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NCJ Number: 204835 Find in a Library
Title: Memory for Abuse: What Can We Learn From a Prosecution Sample?
Journal: Journal of Child Sexual Abuse  Volume:12  Issue:2  Dated:2003  Pages:97-103
Author(s): Jennifer J. Freyd
Date Published: 2003
Page Count: 7
Type: Report (Study/Research)
Format: Article
Language: English
Country: United States of America
Annotation: This discussion of issues related to an adult's memory of childhood sexual abuse (CSA) focuses on differences in recollections of CSA between those whose CSA involved the prosecution of the perpetrators and those whose CSA experience did not involve prosecution.
Abstract: Goodman et al. (1992) examined memory of prior childhood sexual abuse in a sample of adolescents and young adults who had been victims of CSA that led to the criminal prosecution of the alleged perpetrator. At the time of the prosecution, the children had been part of a research project conducted by Goodman and colleagues. Follow-up research involved asking participants to report any experience of CSA. Eighty-one percent of the participants reported the documented CSA. The research concluded that "Results from this study indicate that forgetting of CSA may not be a common experience, at least not in a prosecution sample." The current discussion notes that CSA cases that make it to criminal prosecution are different from the vast majority of CSA cases that are not prosecuted. First, cases of children who have memory gaps or inconsistencies, or who cannot articulate their abuse are less likely to be accepted by prosecutors. Second, prosecution samples typically have a larger proportion of extra-familial offenders than nonprosecution samples. Third, once children are in prosecution samples, they tend to experience more public exposure of their victimization; whereas, most CSA victimization is kept secret. Fourth, once children are in prosecution samples, they receive a certain degree of legitimization; whereas, most CSA victimization is denied. Fifth, once children are in prosecution samples, they are afforded the opportunity and/or are required to describe their experiences; whereas, most CSA victims have little opportunity to discuss their abuse. In any determination of the credibility of delayed remembrances of CSA, it is critical to avoid generalizing from the prevalence of clear memories from highly unusual prosecution samples compared to CSA populations that may have lacked the opportunity of being "believed, supported, and legitimated." 7 references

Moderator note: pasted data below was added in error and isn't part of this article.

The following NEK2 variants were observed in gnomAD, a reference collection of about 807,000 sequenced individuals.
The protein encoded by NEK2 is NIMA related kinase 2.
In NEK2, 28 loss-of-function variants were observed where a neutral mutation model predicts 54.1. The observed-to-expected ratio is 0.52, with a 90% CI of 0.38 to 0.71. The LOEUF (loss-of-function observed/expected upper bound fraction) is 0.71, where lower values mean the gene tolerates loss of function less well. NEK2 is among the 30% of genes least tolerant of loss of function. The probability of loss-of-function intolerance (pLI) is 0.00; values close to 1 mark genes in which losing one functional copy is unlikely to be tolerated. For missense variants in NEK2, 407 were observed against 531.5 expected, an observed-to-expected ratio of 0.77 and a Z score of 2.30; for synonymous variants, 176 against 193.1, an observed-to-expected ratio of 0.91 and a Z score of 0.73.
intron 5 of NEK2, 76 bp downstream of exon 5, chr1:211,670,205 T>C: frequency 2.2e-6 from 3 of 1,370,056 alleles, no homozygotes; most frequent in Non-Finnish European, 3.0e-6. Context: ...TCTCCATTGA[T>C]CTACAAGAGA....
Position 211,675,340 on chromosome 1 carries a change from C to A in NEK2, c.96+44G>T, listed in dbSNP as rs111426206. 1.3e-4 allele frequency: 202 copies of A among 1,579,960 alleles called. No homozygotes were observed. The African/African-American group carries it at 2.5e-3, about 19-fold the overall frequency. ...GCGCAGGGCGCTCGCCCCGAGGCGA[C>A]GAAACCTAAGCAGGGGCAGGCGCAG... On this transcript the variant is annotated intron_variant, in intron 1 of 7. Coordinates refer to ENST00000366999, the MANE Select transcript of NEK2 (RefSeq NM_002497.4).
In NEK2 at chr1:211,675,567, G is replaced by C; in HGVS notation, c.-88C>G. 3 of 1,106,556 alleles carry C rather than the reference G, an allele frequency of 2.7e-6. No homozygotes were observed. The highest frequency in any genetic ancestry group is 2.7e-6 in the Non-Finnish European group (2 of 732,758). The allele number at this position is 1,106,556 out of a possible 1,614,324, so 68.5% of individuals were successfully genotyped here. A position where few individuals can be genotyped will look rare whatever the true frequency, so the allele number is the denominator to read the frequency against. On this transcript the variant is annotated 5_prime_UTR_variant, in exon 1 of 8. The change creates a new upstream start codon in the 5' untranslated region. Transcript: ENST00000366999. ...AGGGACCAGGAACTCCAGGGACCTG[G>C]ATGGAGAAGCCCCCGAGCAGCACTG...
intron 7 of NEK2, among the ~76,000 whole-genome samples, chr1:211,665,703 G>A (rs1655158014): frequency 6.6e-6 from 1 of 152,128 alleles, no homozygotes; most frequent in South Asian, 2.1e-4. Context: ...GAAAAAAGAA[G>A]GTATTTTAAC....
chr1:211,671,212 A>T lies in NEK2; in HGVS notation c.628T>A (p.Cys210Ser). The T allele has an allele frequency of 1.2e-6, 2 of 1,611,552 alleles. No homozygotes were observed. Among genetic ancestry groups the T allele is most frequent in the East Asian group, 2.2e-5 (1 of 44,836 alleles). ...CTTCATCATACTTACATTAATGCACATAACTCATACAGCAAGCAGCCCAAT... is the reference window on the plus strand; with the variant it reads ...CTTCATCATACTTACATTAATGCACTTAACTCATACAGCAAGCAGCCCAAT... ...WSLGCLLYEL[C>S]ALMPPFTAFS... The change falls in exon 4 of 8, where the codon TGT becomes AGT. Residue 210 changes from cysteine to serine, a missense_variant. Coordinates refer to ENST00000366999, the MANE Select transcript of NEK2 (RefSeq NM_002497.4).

Main Term(s): Juvenile victims
Index Term(s): Adult survivors of child sexual abuse; Child Sexual Abuse; Mental disorders; Research methods; Witness credibility
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